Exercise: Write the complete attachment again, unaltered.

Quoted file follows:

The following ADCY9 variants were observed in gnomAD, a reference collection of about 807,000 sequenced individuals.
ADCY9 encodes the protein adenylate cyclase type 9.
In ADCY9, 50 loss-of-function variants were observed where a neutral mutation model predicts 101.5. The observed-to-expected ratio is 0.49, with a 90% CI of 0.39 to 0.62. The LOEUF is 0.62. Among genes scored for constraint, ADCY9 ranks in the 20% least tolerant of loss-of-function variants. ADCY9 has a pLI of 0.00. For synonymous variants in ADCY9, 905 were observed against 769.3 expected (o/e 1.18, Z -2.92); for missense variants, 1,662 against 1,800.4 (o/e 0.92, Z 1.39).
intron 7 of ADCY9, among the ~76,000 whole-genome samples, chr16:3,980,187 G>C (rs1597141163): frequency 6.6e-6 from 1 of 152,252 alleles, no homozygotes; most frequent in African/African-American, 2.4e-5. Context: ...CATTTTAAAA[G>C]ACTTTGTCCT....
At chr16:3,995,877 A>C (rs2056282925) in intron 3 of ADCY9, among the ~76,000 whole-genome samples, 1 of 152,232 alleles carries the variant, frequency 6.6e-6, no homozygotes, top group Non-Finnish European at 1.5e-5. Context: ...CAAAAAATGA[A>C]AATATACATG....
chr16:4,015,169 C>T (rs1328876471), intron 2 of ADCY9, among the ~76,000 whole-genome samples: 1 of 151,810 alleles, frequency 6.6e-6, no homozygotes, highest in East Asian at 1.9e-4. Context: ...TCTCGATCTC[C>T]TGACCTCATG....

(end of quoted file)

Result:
The following ADCY9 variants were observed in gnomAD, a reference collection of about 807,000 sequenced individuals.
ADCY9 encodes the protein adenylate cyclase type 9.
In ADCY9, 50 loss-of-function variants were observed where a neutral mutation model predicts 101.5. The observed-to-expected ratio is 0.49, with a 90% CI of 0.39 to 0.62. The LOEUF is 0.62. Among genes scored for constraint, ADCY9 ranks in the 20% least tolerant of loss-of-function variants. ADCY9 has a pLI of 0.00. For synonymous variants in ADCY9, 905 were observed against 769.3 expected (o/e 1.18, Z -2.92); for missense variants, 1,662 against 1,800.4 (o/e 0.92, Z 1.39).
intron 7 of ADCY9, among the ~76,000 whole-genome samples, chr16:3,980,187 G>C (rs1597141163): frequency 6.6e-6 from 1 of 152,252 alleles, no homozygotes; most frequent in African/African-American, 2.4e-5. Context: ...CATTTTAAAA[G>C]ACTTTGTCCT....
At chr16:3,995,877 A>C (rs2056282925) in intron 3 of ADCY9, among the ~76,000 whole-genome samples, 1 of 152,232 alleles carries the variant, frequency 6.6e-6, no homozygotes, top group Non-Finnish European at 1.5e-5. Context: ...CAAAAAATGA[A>C]AATATACATG....
chr16:4,015,169 C>T (rs1328876471), intron 2 of ADCY9, among the ~76,000 whole-genome samples: 1 of 151,810 alleles, frequency 6.6e-6, no homozygotes, highest in East Asian at 1.9e-4. Context: ...TCTCGATCTC[C>T]TGACCTCATG....